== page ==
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Prince Yourwetdream Aeryn

Wow, I never noticed that v.17

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Some of the surviving Bloody Mummers we’re heading to Oldtown to look for a ship to return to Essos. The Bloody Mummers are a notoriously depraved and hateful sellsword company. Oldtown is about to be attacked by someone I think they would get along with wonderfully! :) 

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10 hours ago, Ckram said:

This quick "join and leave" is precisely why I think it was a plot demand.

And leaving kingsguard makes it all even worse for Sandor (and House Clegane). No wise ruler would pardon him.

Only Sansa would have an personal reason to accept him... Well, and maybe there we have it, a reasonable use for the unkiss: setting things up so Sansa have a reason to intercede for the Hound.

If so, I see three possible scenarios:

  1. Sansa saves the Hound, and we'll have an at least platonic love story;
  2. Sansa intercedes for the Hound but he gets killed anyway, and then she'll hate the person who murdered him;
  3. Sansa recall that she have already did something similar for Dontos and it turned out that he sold her to Littlefinger, and then Sansa, in a similar fashion of Jon Snow's "kill the boy" demeanor, won't intercede for the Hound - and the love story expectancy will turn into ashes.

Ok, enough with fanfics.

Or Sansa becomes THE Queen and Sandor becomes a KG again...

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3 hours ago, Jô Maltese said:

Or Sansa becomes THE Queen and Sandor becomes a KG again...

I think this is right.

Sandor is Sansa's Brienne or Ser Duncan the Tall or Areo Hotah.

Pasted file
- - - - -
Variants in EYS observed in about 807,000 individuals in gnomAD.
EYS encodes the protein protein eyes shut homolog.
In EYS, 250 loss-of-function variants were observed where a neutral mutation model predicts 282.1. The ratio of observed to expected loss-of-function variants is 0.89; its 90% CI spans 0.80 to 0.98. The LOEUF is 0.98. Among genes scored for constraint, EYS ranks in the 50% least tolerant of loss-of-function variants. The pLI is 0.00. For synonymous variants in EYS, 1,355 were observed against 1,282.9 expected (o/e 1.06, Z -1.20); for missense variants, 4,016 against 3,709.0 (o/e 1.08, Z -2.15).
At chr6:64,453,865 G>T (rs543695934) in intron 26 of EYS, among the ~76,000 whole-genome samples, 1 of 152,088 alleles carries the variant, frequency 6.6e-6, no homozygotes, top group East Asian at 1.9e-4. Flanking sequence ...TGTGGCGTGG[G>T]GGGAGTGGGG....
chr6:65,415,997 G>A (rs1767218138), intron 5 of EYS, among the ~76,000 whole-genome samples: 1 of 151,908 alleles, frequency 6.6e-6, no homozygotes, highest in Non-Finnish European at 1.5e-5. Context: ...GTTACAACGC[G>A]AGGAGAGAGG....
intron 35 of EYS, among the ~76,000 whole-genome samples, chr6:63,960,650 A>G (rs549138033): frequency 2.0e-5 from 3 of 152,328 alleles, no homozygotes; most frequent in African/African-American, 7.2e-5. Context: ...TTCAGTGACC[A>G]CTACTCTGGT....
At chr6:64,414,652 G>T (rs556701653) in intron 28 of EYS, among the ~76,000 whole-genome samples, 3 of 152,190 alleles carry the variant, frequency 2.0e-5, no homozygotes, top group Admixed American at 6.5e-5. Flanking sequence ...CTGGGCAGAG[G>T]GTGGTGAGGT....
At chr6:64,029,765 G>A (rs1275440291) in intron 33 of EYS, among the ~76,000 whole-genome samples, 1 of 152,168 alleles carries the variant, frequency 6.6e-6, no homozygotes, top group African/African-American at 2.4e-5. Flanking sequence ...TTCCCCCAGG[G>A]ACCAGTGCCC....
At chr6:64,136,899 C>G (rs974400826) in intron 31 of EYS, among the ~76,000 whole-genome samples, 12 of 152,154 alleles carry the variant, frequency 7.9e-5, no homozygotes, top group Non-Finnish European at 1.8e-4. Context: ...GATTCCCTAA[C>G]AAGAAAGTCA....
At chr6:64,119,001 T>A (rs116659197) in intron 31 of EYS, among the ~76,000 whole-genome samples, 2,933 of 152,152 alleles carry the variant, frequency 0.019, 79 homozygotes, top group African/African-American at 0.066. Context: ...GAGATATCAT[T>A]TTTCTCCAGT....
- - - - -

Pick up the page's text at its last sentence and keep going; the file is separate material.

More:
(But he is also the Long Night!)

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5 hours ago, Jô Maltese said:

Or Sansa becomes THE Queen and Sandor becomes a KG again...

This fits scenario #1

Edited by Ckram

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18 hours ago, Clegane'sPup said:

Sandor did not say the vows.

He was given the cloak anyway.

A Game of Thrones - Sansa V     "How do you like that, dog?" King Joffrey asked.   The Hound's scarred face was hard to read. He took a long moment to consider. "Why not? I have no lands nor wife to forsake, and who'd care if I did?" The burned side of his mouth twisted. "But I warn you, I'll say no knight's vows."    "The Sworn Brothers of the Kingsguard have always been knights," Ser Boros said firmly.    "Until now," the Hound said in his deep rasp, and Ser Boros fell silent./

If I may...

I don't think the oath of the Kingsguard and and the vows of knights are same thing. Rather sure they're not.

I refer you to Jaime and Barristan. Both are already knights

Quote

At fifteen, I rode with Ser Arthur Dayne against the Kingswood Brotherhood, and he knighted me on the battlefield.

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Yet it seemed like only yesterday that he had been raised to knighthood, after the tourney at King's Landing. He could still recall the touch of King Aegon's sword upon his shoulder, light as a maiden's kiss. His words had caught in his throat when he spoke his vows.